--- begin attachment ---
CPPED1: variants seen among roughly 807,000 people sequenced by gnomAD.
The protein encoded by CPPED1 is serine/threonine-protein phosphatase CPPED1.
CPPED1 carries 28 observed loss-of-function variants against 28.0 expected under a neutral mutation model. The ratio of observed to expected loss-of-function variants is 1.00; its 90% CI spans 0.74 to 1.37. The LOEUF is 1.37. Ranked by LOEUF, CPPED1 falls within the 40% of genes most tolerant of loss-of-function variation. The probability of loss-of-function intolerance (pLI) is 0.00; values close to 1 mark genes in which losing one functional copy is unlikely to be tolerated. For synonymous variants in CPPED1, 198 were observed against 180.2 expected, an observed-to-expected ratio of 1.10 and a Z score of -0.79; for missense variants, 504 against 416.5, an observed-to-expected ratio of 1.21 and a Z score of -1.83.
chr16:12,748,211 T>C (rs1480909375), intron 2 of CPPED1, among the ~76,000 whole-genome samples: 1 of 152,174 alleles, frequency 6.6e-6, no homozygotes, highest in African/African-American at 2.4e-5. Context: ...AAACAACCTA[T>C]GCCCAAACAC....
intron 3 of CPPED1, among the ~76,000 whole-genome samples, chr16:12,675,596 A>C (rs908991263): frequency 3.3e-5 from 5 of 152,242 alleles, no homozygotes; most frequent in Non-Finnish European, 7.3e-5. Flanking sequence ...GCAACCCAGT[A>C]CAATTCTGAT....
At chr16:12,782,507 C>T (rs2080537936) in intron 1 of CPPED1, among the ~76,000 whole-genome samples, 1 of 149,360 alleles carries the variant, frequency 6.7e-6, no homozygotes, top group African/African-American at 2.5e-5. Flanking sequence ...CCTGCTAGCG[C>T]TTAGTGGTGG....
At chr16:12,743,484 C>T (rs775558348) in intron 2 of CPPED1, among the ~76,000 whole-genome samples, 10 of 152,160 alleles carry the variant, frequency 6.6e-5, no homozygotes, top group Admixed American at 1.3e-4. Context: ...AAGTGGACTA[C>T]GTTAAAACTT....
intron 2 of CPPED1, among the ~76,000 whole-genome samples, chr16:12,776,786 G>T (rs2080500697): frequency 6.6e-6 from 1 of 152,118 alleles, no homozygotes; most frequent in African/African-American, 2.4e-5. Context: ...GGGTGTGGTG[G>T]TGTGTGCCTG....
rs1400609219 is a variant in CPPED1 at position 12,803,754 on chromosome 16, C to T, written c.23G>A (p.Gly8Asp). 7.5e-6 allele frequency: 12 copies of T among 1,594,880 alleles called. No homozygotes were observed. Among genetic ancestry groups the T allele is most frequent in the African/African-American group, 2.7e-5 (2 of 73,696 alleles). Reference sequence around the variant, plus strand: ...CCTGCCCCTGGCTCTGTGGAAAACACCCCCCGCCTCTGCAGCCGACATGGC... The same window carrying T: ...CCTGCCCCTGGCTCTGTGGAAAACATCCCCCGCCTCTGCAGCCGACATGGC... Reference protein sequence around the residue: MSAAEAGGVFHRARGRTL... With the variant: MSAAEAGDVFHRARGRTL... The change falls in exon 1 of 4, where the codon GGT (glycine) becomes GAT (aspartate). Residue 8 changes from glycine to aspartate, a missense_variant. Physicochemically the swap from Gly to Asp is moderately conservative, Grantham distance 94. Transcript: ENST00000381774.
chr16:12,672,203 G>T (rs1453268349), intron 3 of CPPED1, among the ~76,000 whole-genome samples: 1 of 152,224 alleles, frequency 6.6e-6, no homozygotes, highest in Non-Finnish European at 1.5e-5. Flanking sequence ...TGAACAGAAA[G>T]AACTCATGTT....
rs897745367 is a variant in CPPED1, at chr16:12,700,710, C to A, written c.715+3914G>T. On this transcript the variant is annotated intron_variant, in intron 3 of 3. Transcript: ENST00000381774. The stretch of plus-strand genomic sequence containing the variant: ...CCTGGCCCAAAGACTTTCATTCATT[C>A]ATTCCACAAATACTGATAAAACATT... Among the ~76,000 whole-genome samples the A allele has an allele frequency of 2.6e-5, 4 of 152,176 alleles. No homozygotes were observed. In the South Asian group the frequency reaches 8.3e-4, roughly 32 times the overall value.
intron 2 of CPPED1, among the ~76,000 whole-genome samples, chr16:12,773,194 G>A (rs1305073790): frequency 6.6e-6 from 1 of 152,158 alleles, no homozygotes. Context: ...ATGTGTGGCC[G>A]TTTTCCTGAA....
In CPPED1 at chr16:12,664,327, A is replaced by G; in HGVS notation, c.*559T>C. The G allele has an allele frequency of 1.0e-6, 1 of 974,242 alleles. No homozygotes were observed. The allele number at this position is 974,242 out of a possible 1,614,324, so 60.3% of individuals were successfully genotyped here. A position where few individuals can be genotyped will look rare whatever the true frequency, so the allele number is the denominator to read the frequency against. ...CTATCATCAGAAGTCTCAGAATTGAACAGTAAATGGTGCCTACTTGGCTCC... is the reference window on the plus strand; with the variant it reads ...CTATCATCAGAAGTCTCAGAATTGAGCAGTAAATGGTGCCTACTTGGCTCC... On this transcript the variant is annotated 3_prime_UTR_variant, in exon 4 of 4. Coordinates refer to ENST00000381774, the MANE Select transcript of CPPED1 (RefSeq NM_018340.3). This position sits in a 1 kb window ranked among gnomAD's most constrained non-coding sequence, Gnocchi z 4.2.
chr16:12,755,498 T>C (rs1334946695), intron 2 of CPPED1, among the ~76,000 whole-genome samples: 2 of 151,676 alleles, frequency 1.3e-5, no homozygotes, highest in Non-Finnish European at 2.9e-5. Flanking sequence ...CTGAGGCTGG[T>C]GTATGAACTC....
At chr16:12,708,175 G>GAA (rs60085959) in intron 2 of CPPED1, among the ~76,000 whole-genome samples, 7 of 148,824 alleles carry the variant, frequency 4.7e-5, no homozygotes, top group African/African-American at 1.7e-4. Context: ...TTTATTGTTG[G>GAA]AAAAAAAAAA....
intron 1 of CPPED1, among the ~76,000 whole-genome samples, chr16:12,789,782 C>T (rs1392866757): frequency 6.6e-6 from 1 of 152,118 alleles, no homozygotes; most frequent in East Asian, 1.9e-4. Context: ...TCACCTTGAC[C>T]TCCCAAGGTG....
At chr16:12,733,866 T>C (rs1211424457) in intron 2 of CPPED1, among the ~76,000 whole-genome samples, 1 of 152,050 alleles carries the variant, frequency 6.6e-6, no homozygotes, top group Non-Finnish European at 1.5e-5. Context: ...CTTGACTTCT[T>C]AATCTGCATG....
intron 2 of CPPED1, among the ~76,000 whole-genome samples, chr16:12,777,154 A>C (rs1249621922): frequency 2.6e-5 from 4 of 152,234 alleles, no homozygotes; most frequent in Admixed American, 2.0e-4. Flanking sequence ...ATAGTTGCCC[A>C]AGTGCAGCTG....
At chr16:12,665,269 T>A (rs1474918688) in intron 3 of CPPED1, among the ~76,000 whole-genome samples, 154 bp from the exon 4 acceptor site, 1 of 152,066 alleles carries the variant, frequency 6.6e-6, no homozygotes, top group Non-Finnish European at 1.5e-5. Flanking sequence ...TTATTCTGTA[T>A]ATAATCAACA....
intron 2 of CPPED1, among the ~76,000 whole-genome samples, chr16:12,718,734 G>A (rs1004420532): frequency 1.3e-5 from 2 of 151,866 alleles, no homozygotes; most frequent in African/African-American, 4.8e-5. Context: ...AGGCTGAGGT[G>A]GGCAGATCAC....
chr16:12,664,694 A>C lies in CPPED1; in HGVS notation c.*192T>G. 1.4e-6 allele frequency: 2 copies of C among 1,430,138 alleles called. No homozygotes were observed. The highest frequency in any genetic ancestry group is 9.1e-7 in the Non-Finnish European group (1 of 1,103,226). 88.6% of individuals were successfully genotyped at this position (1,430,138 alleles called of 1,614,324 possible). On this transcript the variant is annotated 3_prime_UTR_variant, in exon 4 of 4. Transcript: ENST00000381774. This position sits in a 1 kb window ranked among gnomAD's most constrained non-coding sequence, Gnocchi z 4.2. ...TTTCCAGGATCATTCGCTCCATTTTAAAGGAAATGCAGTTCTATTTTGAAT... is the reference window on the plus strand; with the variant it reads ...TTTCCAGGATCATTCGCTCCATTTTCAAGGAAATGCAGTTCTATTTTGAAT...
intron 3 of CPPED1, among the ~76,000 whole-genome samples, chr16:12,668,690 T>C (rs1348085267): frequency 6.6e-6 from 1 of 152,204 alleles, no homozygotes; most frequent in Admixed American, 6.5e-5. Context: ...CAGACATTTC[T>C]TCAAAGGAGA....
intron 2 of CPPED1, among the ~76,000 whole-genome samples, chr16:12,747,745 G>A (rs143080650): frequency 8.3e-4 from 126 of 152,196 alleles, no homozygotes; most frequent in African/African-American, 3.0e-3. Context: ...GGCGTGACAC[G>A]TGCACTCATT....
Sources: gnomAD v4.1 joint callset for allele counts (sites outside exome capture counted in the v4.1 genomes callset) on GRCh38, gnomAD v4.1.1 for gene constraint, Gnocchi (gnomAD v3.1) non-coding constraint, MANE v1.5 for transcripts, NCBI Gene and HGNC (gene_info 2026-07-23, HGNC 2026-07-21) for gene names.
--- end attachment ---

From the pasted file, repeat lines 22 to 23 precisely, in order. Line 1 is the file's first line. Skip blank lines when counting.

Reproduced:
intron 3 of CPPED1, among the ~76,000 whole-genome samples, chr16:12,668,690 T>C (rs1348085267): frequency 6.6e-6 from 1 of 152,204 alleles, no homozygotes; most frequent in Admixed American, 6.5e-5. Context: ...CAGACATTTC[T>C]TCAAAGGAGA....
intron 2 of CPPED1, among the ~76,000 whole-genome samples, chr16:12,747,745 G>A (rs143080650): frequency 8.3e-4 from 126 of 152,196 alleles, no homozygotes; most frequent in African/African-American, 3.0e-3. Context: ...GGCGTGACAC[G>A]TGCACTCATT....